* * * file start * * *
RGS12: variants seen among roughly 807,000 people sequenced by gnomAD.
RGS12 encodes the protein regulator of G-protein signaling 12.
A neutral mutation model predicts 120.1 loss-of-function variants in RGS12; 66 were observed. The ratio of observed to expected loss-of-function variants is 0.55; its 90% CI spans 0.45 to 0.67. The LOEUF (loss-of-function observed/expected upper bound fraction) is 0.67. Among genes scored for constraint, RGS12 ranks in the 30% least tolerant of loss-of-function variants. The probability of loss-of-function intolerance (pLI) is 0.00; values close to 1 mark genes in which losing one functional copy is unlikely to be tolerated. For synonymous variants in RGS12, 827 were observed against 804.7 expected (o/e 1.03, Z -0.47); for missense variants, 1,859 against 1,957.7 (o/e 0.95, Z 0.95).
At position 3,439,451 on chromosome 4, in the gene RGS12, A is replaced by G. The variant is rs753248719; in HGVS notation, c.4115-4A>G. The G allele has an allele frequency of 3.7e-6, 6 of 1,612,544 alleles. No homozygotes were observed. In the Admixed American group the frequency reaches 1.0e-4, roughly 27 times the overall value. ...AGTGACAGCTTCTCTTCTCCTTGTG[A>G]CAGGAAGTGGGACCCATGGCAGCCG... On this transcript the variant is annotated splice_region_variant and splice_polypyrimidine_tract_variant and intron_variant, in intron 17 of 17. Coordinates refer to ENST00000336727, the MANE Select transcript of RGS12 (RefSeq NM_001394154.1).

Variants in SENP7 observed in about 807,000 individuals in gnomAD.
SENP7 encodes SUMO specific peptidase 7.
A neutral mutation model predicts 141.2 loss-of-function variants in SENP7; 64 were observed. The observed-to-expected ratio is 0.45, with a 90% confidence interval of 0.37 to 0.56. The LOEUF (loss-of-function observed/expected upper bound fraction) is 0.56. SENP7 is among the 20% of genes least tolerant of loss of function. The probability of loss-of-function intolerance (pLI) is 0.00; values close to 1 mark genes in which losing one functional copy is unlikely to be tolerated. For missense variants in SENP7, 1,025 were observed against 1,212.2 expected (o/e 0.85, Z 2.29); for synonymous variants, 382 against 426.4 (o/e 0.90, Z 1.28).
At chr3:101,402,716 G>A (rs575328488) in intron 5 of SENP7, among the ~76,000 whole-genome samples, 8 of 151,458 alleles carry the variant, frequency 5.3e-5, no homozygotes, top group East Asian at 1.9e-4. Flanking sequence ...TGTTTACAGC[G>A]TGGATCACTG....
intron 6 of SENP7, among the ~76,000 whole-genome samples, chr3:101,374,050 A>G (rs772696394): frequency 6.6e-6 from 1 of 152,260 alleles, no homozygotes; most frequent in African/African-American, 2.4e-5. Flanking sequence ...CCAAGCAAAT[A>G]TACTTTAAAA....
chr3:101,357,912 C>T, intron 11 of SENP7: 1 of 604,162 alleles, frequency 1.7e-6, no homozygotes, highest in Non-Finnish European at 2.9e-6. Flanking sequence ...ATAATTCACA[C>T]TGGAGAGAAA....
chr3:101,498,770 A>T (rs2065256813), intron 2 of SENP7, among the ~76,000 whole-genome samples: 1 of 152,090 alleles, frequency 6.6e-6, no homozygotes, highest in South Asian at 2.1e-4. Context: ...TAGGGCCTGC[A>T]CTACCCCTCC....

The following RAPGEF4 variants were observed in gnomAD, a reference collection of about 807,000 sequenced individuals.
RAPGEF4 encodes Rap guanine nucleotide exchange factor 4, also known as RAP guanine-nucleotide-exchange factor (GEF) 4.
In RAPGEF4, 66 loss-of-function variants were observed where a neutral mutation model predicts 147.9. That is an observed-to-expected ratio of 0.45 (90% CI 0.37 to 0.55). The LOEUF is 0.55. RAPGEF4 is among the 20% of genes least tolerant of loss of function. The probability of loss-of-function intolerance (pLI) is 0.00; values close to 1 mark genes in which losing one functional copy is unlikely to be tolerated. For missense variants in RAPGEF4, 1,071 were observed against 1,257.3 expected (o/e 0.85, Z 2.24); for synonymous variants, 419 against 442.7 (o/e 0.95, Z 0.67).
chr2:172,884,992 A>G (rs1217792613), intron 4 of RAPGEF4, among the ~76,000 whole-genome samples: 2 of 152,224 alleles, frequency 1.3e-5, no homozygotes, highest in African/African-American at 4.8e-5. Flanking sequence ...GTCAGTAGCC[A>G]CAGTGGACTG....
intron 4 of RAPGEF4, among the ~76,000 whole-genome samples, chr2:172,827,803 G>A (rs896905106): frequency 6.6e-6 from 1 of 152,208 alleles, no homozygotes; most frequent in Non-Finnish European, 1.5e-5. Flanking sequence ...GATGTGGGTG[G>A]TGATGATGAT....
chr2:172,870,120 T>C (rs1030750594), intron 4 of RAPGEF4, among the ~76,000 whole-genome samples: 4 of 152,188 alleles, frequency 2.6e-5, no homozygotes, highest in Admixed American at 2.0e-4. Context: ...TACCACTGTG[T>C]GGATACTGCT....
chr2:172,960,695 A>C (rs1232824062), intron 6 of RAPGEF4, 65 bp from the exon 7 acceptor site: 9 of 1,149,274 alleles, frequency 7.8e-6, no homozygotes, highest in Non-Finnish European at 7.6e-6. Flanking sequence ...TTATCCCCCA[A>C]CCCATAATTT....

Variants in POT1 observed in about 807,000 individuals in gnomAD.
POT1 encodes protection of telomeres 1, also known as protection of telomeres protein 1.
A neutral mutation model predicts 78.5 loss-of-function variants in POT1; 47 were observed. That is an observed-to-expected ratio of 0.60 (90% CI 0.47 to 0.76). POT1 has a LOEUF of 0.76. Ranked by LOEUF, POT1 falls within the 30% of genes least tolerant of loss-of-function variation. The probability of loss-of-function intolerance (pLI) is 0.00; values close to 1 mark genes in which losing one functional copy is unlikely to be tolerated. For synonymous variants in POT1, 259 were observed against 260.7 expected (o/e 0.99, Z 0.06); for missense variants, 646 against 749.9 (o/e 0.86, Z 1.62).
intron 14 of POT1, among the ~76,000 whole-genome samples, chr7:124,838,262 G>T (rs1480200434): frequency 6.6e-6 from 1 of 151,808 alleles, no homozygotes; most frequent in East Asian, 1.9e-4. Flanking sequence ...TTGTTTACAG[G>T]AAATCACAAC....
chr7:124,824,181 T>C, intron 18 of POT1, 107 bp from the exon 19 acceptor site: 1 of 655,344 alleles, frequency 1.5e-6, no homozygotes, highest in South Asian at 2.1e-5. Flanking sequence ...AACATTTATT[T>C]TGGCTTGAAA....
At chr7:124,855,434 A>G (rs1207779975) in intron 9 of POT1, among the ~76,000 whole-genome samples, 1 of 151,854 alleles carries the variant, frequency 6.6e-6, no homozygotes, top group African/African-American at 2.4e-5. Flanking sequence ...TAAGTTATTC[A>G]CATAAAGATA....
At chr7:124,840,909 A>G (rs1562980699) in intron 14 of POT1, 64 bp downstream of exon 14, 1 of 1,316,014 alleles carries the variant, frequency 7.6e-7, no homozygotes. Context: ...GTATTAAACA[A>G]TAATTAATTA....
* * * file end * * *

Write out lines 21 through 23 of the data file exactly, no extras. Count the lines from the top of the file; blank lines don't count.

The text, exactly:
A neutral mutation model predicts 78.5 loss-of-function variants in POT1; 47 were observed. That is an observed-to-expected ratio of 0.60 (90% CI 0.47 to 0.76). POT1 has a LOEUF of 0.76. Ranked by LOEUF, POT1 falls within the 30% of genes least tolerant of loss-of-function variation. The probability of loss-of-function intolerance (pLI) is 0.00; values close to 1 mark genes in which losing one functional copy is unlikely to be tolerated. For synonymous variants in POT1, 259 were observed against 260.7 expected (o/e 0.99, Z 0.06); for missense variants, 646 against 749.9 (o/e 0.86, Z 1.62).
intron 14 of POT1, among the ~76,000 whole-genome samples, chr7:124,838,262 G>T (rs1480200434): frequency 6.6e-6 from 1 of 151,808 alleles, no homozygotes; most frequent in East Asian, 1.9e-4. Flanking sequence ...TTGTTTACAG[G>T]AAATCACAAC....
chr7:124,824,181 T>C, intron 18 of POT1, 107 bp from the exon 19 acceptor site: 1 of 655,344 alleles, frequency 1.5e-6, no homozygotes, highest in South Asian at 2.1e-5. Flanking sequence ...AACATTTATT[T>C]TGGCTTGAAA....